NBC10's Matt DeLucia has the first look at some of the details and claims being made in the suit.
The family of a 24-year-old woman buried to death in the building collapse at 22nd and Market Streets has filed the first wrongful death lawsuit in the tragedy.
Mary Lea Simpson was shopping inside the Salvation Army Thrift Store with her best friend Anne Bryan on the morning of June 5 when a four-story brick door from next door, at 2136 Market Street, collapsed onto the store.
The suit, filed late Tuesday morning, says Simpson suffocated to death under the rubble of the building. Bryan also died along with five others. Thirteen additional people were hurt.
"Of the nineteen people trapped in the rubble, six died agonizing and painful deaths from asphyxiation," the suit alleges. "Mary Lea Simpson was one of those six."
Named in the filing are The Salvation Army, developer Richard Basciano, his company STB Investments, contractor Griffin Campbell, construction expediter and architect Plato Marinakos and excavator operator Sean Benschop a.k.a. Kary Roberts.
Steven Wigrizer, the attorney representing Simpson's family, tells NBC10.com The Salvation Army failed to protect its customers and employees knowing demolition work was going on at the adjacent building.
"If you are an adjacent building operator and you are made aware of the risk presented, the risk of potential collapse, you shut your business down," the attorney said. "You don't allow patrons like Mary Simpson and the others to be in that place and subject them to that risk. That's what this case is about."
The suit includes copies of letters and email exchanges between The Salvation Army and STB Investments staff and attorneys.
"The building at 2138 Market Street is in a state of partial demolition, the city has granted a demolition permit and the longer it remains undemolished the greater the risks to the public and all property owners of an uncontrolled collapse of part or loose debris," read a letter from STB's attorney to The Salvation Army dated May 15, 2013.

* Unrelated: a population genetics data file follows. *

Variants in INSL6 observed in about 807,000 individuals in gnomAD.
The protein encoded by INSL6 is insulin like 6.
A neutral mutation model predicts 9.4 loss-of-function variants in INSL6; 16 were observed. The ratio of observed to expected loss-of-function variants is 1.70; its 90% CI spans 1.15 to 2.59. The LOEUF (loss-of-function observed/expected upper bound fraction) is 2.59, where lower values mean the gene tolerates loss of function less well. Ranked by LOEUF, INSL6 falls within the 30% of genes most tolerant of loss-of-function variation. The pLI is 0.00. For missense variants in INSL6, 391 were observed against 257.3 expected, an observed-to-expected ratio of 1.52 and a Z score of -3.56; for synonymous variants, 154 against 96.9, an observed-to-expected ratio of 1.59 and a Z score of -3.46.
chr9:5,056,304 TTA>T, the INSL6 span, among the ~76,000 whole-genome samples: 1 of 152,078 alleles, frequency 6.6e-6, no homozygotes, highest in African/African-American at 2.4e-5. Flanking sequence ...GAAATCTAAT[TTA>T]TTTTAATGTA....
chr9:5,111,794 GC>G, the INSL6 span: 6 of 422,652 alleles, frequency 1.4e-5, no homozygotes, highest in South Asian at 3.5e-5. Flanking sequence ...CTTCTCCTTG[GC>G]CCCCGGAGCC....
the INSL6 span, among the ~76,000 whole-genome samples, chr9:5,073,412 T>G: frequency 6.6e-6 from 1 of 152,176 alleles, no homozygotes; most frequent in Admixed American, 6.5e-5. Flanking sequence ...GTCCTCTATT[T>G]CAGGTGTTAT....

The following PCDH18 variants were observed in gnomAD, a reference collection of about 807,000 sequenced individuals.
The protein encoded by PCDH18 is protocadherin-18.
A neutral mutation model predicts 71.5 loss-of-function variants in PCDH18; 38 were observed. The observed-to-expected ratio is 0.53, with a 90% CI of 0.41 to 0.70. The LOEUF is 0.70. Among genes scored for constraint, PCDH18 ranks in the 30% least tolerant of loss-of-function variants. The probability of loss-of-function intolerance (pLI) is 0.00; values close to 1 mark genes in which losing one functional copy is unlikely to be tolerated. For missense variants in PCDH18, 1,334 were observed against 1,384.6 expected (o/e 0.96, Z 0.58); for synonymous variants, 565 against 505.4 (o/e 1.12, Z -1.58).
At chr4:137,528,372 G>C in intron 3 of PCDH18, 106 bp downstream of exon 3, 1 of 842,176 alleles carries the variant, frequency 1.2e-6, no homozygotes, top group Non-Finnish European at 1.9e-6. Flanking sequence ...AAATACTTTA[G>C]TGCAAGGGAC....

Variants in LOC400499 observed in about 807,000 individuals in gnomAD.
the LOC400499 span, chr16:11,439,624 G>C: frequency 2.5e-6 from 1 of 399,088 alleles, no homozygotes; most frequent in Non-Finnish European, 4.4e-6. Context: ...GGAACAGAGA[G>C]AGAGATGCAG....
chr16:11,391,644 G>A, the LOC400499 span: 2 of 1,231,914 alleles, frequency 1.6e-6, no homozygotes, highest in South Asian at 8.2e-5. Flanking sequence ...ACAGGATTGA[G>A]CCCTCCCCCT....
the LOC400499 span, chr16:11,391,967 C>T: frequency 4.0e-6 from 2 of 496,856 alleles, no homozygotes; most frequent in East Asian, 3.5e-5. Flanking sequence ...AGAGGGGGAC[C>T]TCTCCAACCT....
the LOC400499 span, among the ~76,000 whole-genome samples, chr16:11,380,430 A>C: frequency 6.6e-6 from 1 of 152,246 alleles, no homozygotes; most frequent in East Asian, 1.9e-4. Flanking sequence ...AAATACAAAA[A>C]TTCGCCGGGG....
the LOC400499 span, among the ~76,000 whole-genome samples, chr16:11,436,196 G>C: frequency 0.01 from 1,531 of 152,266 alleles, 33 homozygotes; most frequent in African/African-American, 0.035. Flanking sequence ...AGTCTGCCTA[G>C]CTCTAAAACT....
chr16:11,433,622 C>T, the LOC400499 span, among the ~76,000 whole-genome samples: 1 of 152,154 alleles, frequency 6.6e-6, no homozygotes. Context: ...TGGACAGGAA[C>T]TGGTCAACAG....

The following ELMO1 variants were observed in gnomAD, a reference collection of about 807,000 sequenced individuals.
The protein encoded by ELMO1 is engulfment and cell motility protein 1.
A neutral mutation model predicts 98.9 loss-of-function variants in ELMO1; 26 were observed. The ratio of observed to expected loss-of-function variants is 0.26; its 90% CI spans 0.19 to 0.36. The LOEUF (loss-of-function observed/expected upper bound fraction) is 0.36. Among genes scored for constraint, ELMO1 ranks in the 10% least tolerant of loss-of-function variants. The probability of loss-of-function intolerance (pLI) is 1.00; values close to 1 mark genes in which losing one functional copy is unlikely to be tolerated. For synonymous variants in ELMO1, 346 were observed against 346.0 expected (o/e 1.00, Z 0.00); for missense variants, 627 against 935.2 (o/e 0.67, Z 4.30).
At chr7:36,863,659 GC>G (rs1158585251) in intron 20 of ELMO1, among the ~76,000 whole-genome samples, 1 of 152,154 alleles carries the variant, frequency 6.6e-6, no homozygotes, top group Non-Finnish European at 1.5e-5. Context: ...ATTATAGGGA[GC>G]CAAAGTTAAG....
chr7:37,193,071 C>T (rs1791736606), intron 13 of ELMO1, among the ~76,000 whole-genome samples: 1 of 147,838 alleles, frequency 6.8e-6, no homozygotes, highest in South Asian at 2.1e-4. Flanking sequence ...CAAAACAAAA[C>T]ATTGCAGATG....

The filing alleges The Salvation Army failed to respond to the letter and waited six days to respond to a follow up email message only stating they've yet to receive answers to several questions posed to Marinakos.
Demotion then began at 2136 Market Street without any of the issues being resolved, according to the suit.
Eric Weiss, the attorney representing The Salvation Army in the case, says he has yet to see the lawsuit, but maintains the organization did nothing wrong.
"The Salvation Army was never aware or made aware of a danger of collapse," Weiss said.
Simpson, an avid figure skater, was a Bryn Mawr, Pa. native and 2007 graduate of Haverford High School. Simpson’s former high school principal Jeff Nesbitt told NBC10 in June faculty remembered her as “energetic” and “happy.”
Roberts, 43, is jailed in connection with the collapse. Officials contend Roberts was high on marijuana and prescription pain killers when he used an excavator to demolish the internal structure at 2136 Market Street. An outer, unbraced wall then toppled over onto the one-story thrift shop next door.
Witnesses who called 911 moments after the collapse said the scene was reminiscent of the terrorist attacks of September 11 and “unbelievable.”
“Oh I can’t stand this,” one caller said to a fire department dispatcher in call transcripts obtained by NBC10.com. “Let them be alright. Please. Oh, let them be alright.”
While Simpson’s suit is the first wrongful death filing, there are several civil lawsuits and an ongoing criminal case currently in progress related to the collapse.
Among the civil suits is one filed by Mariya Plekan. The 52-year-old was buried in the building's rubble for 13 hours and had to have both her legs amputated.
Wigrizer previously sued Basciano over the 1997 death of a Philadelphia judge killed when part of a garage collapsed.
NBC10's Matt DeLucia contributed to this report.